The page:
GEDCOM/XREF ID

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This page is an English extract of the German page GEDCOM/XREF-Tag [1], for full details see the German page.

Name and Meaning

Cross-Reference

This article describes the topic unique cross-reference and pointer in GEDCOM files.

Tag

XREF

Meaning

XREF_ID

Usage

Pointer and Cross-Reference_Id ( XREF_ID ) allow to create a cross reference from one record to another unique defined record by using the XREF_ID.

Formal Description of Permissible Values

Base: GEDCOM Standard Draft 5.5.1

The Standard defines

Cross-Reference_ID ( XREF_ID) is formed by any arbitrary combination of characters from the pointer_charset. The first character must be an alpha or a digit. The XREF_ID is not retained in the receiving system, and it may therefore be formed from any convenient combination of identifiers from the sending system. No meaning is attributed by the receiver to any part of the XREF_ID, other than its unique association with the associated record. The use of the colon (:) character is reserved for the future as a network reference to a permanent file record. The use of an exclamation point (!) is reserved for associations within a logical record ( intra-record pointers ). Uniqueness of the cross-reference identifier is required within the transmission file. The XREF_ID appears before the tag in a GEDCOM line.


Pointer A pointer stands in the place of the record or context identified by the matching XREF_ID. Theoretically, a receiving system should be prepared to follow a pointer to find any needed value in a manner that is transparent to the logic of the subsystem that is looking for specific tags.This highly flexible facility will probably be used more in the future. For the time being, however, the use of pointers is explicitly defined within the GEDCOM form, such as the Lineage-Linked GEDCOM Form defined in chapter 2. The pointer appears after the tag in a GEDCOM line. The pointer represents the association between two objects that usually reside in different records. Objects within a logical record can be associated. If this need exists, the pointer record composition contains an exclamation point (!) that separates the parent record's cross-reference ID from the specific substructure's cross-reference ID, which is at some subordinate level to the logical record at level zero. The cross-reference ID of the substructure subordinate to a zero level record, for inter-record associations is always composed of the Record ID number and the Substructure ID number, such as @I132!1@. Including the Record ID number in the pointer that associates objects within a record will allow the GEDCOM processors to build the index only at the record level and then search sequentially for the appropriate substructure cross-reference ID. The parent record ID is assumed when the cross-reference ID begins with a exclamation point (!) signifying an intra-record association.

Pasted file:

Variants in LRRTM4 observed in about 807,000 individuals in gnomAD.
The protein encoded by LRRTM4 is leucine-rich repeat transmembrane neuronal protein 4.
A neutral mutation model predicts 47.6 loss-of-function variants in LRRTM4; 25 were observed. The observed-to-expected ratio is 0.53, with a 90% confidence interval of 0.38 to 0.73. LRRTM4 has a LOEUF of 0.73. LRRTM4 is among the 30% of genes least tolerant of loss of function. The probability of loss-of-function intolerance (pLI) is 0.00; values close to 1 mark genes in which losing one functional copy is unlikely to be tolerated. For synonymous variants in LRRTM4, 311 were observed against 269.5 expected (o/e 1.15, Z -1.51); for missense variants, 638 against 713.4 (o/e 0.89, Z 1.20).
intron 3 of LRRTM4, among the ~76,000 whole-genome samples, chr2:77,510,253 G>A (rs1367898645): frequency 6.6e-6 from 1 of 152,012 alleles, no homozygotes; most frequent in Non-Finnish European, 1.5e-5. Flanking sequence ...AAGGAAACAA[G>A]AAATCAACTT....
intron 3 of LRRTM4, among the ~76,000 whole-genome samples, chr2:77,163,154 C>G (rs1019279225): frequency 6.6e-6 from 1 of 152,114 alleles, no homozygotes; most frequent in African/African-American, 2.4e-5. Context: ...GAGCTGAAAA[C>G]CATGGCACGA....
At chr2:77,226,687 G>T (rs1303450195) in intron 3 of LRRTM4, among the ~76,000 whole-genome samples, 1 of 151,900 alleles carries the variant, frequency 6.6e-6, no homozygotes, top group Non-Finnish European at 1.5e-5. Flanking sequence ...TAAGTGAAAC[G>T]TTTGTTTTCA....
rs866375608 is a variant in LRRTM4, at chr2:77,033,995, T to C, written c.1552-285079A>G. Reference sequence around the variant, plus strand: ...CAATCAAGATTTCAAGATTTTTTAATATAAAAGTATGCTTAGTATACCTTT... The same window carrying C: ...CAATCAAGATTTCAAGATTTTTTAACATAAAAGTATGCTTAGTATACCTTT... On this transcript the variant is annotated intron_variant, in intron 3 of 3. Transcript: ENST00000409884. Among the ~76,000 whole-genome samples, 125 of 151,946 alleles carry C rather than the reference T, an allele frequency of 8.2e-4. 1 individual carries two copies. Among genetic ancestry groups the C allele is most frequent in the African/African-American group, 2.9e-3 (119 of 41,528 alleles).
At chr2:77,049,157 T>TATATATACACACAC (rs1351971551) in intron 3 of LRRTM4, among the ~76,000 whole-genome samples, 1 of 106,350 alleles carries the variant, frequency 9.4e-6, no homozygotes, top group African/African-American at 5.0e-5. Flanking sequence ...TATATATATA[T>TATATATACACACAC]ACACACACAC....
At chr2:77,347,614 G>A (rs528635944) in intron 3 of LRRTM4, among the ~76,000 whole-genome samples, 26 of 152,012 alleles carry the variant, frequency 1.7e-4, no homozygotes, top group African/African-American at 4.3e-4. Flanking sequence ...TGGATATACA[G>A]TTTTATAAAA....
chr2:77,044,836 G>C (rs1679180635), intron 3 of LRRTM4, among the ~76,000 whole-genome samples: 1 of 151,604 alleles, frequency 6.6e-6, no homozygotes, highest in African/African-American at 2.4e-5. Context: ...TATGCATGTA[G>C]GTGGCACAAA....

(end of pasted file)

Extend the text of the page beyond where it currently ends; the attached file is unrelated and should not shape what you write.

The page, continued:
Examples from the Standard

The following are examples of valid but unrelated GEDCOM lines:

0 @1234@ INDI
… 
1 AGE 13y 
… 
1 CHIL @1234@ 
… 
1 NOTE This is a NOTE field that is
2 CONT continued on the next line.

The first line has a levelnumber 0, a XREF_ID of @1234@, an INDI tag and no value.

The second line has a levelnumber 1, no XREF_ID, an AGE tag, and a value of 13y.

The third line has a levelnumber 1, no XREF_ID, a CHIL tag, and a value of a pointer to a XREF_ID named @1234@.

Agreements for XREF_ID

The agreements for XREF_ID are derived from the discussion on the Gedcom-L. They were decided by a vote of the program authors of the list.

Pointer and XREF_ID at Export

E1 Format of Pointer and XREF_ID

Pointer and XREF_ID must be formed in the following format:

Pointer := [(0x40) + alphanum + pointer_string + (0x40) ]

where:

(0x40)=@

pointer_char := [non_at ]

alphanum := [a to z|A to Z|_ (underscore)|0 to 9]

pointer_string := [null | pointer_char | pointer_string + pointer_char ]


E2 Uniqueness of XREF_ID

Uniqueness of the cross-reference identifier is required within the transmission file, that means, a XREF_ID formed according E1 is assigned to exactly one record. For each occurring pointer in the GEDCOM file the associated XREF_ID in the GEDCOM file must exist.


E3 Notation of XREF_ID

The notation of XREF_ID and associated pointers can be chosen freely at export, as long as the rules of E1 and E2 are respected. There is neither a mandatory requirement to maintain imported terms, or to rename the XREF_ID in a uniform format, e.g. in a numbered sequence.


E4 Recommendations for the Notation of XREF_ID

For the notation of XREF_ID the following is recommended:

The notation is composed of @Xnnnn@, where the X represents the type of the record by one letter and nnnn represents a positive number assuring uniqueness. In particular, it is recommended:

  • @Innnn@ for Individual records
  • @Fnnnn@ for Family records
  • @Nnnnn@ for Note records
  • @Onnnn@ for Multimedia records ( Objects )
  • @Snnnn@ for Source records
  • @Rnnnn@ for Repository records

This recommendation is intended to enable better readability of the GEDCOM file for the user.

Pointer and XREF_ID at Import

I1 Support for all permissible XREF_ID

During all XREF_ID and pointer formed according E1 and E2 must be supported.


I2 Handling of XREF_ID at Import

It is optional to accept the terms offered at import for XREF_ID and associated pointer or to identify the records program internally unambiguously otherwise instead. There is no obligation to continue to use the terms found at import or to store them in any form.

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